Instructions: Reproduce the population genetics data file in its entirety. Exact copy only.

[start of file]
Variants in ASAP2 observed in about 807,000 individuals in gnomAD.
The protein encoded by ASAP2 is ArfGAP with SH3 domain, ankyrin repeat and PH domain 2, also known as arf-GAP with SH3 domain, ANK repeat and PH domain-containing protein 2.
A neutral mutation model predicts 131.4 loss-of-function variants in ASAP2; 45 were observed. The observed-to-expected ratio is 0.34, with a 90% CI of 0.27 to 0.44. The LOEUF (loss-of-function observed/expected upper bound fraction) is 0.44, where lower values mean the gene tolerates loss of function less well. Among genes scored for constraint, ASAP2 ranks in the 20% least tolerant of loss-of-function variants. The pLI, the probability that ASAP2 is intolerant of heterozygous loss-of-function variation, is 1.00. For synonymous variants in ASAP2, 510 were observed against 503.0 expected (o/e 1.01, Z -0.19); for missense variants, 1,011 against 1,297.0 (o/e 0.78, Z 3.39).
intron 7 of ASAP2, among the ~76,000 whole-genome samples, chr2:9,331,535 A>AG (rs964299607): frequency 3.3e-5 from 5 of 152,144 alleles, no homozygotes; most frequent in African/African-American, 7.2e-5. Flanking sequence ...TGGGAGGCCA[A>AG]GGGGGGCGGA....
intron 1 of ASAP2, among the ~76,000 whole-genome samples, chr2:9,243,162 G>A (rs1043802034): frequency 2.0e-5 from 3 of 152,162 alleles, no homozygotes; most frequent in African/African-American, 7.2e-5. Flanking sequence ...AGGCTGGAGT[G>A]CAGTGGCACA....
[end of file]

Variants in ASAP2 observed in about 807,000 individuals in gnomAD.
The protein encoded by ASAP2 is ArfGAP with SH3 domain, ankyrin repeat and PH domain 2, also known as arf-GAP with SH3 domain, ANK repeat and PH domain-containing protein 2.
A neutral mutation model predicts 131.4 loss-of-function variants in ASAP2; 45 were observed. The observed-to-expected ratio is 0.34, with a 90% CI of 0.27 to 0.44. The LOEUF (loss-of-function observed/expected upper bound fraction) is 0.44, where lower values mean the gene tolerates loss of function less well. Among genes scored for constraint, ASAP2 ranks in the 20% least tolerant of loss-of-function variants. The pLI, the probability that ASAP2 is intolerant of heterozygous loss-of-function variation, is 1.00. For synonymous variants in ASAP2, 510 were observed against 503.0 expected (o/e 1.01, Z -0.19); for missense variants, 1,011 against 1,297.0 (o/e 0.78, Z 3.39).
intron 7 of ASAP2, among the ~76,000 whole-genome samples, chr2:9,331,535 A>AG (rs964299607): frequency 3.3e-5 from 5 of 152,144 alleles, no homozygotes; most frequent in African/African-American, 7.2e-5. Flanking sequence ...TGGGAGGCCA[A>AG]GGGGGGCGGA....
intron 1 of ASAP2, among the ~76,000 whole-genome samples, chr2:9,243,162 G>A (rs1043802034): frequency 2.0e-5 from 3 of 152,162 alleles, no homozygotes; most frequent in African/African-American, 7.2e-5. Flanking sequence ...AGGCTGGAGT[G>A]CAGTGGCACA....